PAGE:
I have read about every attack by a hybrid that I can find and I have not found any that was a higher content animal. Most that I have found have been more dog than wolf hybrids. I know, this all sounds backwards, but its how it is. I'm my 30 years in this, I have never had a high content show any aggression towards me, yet I have had that take place with lower content.

I do all the things that most of these nut cases and wild life cucks say can't be done or if done I would end up hurt or killed. I go down into dens, face to face with mothers, I have gotten in the middle of fights and broke them up. I have handled minutes old pups. My breeding wolves live in and interact with me in packs. I have done, or been around most anything that can take place between them and myself, yet not a hint of danger towards myself. Given the number of years I been doing this, given the numbers of wolves I've been hands on with, have I just been lucky? Not very likely that is true.

This is why when I hear these wild life and animal right nuts talk, I just see foolish and stupid people speaking about things that they no little to nothing about. Beyond that, all those type of whack jobs need to get their minds around that now there is close to 6 million hybrids in North America alone. The debate is over, the hybrid is hear to stay. You wild life and animal rights types need to accept the fact, its over, there is never going to be a way to remove hybrids from the publics hands. It's a waste of time and money to try and get anything done to remove of ban hybrids. Because you say they are a danger does not make it true.

People have to come to understand that any animal can be dangerous, does not mean they are. More people are hurt and killed by horses each year than wolves, by about a thousand fold, going to ban horses? All types of animals harm people each and everyday. Dogs, snakes, horses and so on. This last statement can't be said about hybrid wolves. Not only are no bans trying to be placed on other types of animals, such as horses, but there never will be. What is the end result, banning ownership of each and all animals but gold fish? Rarely is the type of animal the soul reason a animal is dangerous. If looked at more closely, what is found is there is a human at fault and has provided a foundation or forum for danger.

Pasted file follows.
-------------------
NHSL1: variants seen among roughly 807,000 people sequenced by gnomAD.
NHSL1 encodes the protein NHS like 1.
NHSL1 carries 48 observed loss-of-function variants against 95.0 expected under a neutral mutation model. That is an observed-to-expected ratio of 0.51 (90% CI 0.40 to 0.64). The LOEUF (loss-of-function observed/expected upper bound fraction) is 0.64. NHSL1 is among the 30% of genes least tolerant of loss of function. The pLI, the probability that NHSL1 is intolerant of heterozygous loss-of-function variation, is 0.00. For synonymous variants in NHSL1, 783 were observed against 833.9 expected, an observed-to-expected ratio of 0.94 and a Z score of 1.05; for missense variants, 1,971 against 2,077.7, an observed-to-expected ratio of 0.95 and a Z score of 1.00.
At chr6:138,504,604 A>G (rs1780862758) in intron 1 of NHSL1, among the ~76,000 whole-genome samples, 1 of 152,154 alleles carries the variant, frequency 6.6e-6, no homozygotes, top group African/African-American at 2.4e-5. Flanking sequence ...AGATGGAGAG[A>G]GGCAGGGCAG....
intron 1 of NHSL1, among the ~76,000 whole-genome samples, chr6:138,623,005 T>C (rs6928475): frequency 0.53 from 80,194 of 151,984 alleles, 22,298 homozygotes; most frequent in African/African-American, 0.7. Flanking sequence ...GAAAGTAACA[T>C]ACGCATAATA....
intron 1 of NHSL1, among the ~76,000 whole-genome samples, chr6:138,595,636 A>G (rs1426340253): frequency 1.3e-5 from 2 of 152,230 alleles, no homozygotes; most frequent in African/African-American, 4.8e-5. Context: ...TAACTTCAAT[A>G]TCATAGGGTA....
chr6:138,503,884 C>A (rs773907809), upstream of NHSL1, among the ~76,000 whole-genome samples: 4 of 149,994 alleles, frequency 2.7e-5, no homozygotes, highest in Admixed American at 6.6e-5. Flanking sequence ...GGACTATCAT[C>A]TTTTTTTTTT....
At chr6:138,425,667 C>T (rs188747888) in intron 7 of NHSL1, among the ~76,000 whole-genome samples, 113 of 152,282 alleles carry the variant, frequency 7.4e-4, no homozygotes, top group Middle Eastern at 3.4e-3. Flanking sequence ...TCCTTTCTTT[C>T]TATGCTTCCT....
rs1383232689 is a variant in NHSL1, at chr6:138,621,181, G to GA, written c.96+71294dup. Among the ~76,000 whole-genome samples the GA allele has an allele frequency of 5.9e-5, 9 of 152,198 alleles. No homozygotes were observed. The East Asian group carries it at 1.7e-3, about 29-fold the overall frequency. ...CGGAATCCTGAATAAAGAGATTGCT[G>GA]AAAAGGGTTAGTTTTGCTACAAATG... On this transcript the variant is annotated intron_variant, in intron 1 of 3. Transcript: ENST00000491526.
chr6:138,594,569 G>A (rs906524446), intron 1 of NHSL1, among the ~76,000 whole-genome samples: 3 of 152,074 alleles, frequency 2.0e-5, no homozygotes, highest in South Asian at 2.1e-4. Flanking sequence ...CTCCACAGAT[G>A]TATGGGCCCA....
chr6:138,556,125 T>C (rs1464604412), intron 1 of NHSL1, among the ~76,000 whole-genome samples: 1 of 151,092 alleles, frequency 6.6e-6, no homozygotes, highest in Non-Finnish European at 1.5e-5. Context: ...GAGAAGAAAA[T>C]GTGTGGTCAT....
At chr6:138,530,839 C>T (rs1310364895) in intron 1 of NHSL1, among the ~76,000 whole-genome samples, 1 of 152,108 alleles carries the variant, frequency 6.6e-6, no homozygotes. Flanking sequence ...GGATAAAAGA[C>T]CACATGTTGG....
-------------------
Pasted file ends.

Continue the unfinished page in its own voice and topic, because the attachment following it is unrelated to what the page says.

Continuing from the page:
It is a fact that many larger breed domestic dogs have been bred over thousands of years to hunt humans or animals. I don't know what a German shepherd was first bred to do, but for hundreds of years, its been bred to hunt humans. No, that in no way mean they are bad or prone to be dangerous, but that aspect is there, Unlike a wolf, a dog does not have to learn much on how to be a dog. Most of what a dog is, is a carry over from its breeding as a breed. Passed on from generation to generation. Like a Pointer, no one taught a Pointer to lift its nose and one of its front legs held up when it spots something. Even if you would teach wolf after wolf to do as a pointer does, the next generation would not unless seeing and watching a older adult wolf do it first, as well as understanding why that adult wolf is doing it.

Peoples fears of wolves are rooted in childhood stories and nursery rhymes. Such as never cry wolf, the three little pigs, little red riding hood and so on. As well as what is shown on TV. Such shows really do mis-color the truths and real understandings of wolves, as well as how they live their lives. Wolves are depicted as dangerous, as evil, as killers in such shows. Even the shows on nature do the same. They show big game kills, wolves eating and showing aggression. They do this, because those are the shows that bring ratings. A show of wolves sleeping, being family members is boring and don't bring ratings. So, people never really get to see what a wolf really is like in life.

Plus people think that wolves are running around the forest killing anything that crosses their path. That is completely false. Wolves hunt and kill to eat only. The fact is that wolves only kill once for every ten times they hunt and most of these so called, "big game" kills happen only a few weeks of the year. happening when game is on the move and cross into a wolf packs home range. A wolf packs range is about 20 square miles. rarely if ever will a pack leave their home range. Many times it's when humans drive them out of their range or kill them off, or kill some of the pack and the pack tries to adjust to find food, finding easier prey given they are no longer a whole pack, so coming in closer to humans to find easy prey that does not take a whole pack. What would you do to eat and survive, to feed your family? For most of the year they are eating what can be found in their home range. People want to see them as blood thirsty killers. Humans are also meat eaters, ho w much game was shot and killed in a year by hunters? How many cows and pigs where killed this year to feed humans. How many humans murdered other humans last year? So all need to take a step back and see wolves for who they are and not who they are presented to be.